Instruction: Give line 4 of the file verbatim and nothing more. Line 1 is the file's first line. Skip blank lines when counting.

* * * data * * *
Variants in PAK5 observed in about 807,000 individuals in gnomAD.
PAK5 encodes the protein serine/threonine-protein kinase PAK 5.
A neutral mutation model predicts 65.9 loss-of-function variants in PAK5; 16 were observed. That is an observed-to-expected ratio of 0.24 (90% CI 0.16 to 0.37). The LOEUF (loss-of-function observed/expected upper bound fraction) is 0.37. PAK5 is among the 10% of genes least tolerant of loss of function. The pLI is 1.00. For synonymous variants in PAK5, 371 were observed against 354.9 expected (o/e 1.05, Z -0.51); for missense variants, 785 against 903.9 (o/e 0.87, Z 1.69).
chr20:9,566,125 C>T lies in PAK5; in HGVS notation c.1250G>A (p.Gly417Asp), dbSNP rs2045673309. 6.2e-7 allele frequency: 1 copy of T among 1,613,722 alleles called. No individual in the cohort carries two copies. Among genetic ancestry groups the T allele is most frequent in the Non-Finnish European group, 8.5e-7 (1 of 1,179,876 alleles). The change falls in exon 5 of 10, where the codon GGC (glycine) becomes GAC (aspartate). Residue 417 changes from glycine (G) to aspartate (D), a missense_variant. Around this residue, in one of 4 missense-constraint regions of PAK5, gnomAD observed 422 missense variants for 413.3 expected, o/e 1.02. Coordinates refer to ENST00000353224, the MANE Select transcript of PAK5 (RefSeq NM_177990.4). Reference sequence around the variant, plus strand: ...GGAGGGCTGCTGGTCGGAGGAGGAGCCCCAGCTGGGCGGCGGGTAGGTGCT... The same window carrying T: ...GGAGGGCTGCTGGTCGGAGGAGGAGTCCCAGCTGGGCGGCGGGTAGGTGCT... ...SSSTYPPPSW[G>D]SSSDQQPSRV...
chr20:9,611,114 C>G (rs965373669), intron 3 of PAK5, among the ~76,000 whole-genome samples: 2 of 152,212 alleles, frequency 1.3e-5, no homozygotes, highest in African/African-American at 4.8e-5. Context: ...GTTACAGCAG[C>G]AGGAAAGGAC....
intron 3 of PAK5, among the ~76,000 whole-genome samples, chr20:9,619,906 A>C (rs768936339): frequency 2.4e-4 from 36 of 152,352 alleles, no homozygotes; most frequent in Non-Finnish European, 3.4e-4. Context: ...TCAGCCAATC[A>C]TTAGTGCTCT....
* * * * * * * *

chr20:9,566,125 C>T lies in PAK5; in HGVS notation c.1250G>A (p.Gly417Asp), dbSNP rs2045673309. 6.2e-7 allele frequency: 1 copy of T among 1,613,722 alleles called. No individual in the cohort carries two copies. Among genetic ancestry groups the T allele is most frequent in the Non-Finnish European group, 8.5e-7 (1 of 1,179,876 alleles). The change falls in exon 5 of 10, where the codon GGC (glycine) becomes GAC (aspartate). Residue 417 changes from glycine (G) to aspartate (D), a missense_variant. Around this residue, in one of 4 missense-constraint regions of PAK5, gnomAD observed 422 missense variants for 413.3 expected, o/e 1.02. Coordinates refer to ENST00000353224, the MANE Select transcript of PAK5 (RefSeq NM_177990.4). Reference sequence around the variant, plus strand: ...GGAGGGCTGCTGGTCGGAGGAGGAGCCCCAGCTGGGCGGCGGGTAGGTGCT... The same window carrying T: ...GGAGGGCTGCTGGTCGGAGGAGGAGTCCCAGCTGGGCGGCGGGTAGGTGCT... ...SSSTYPPPSW[G>D]SSSDQQPSRV...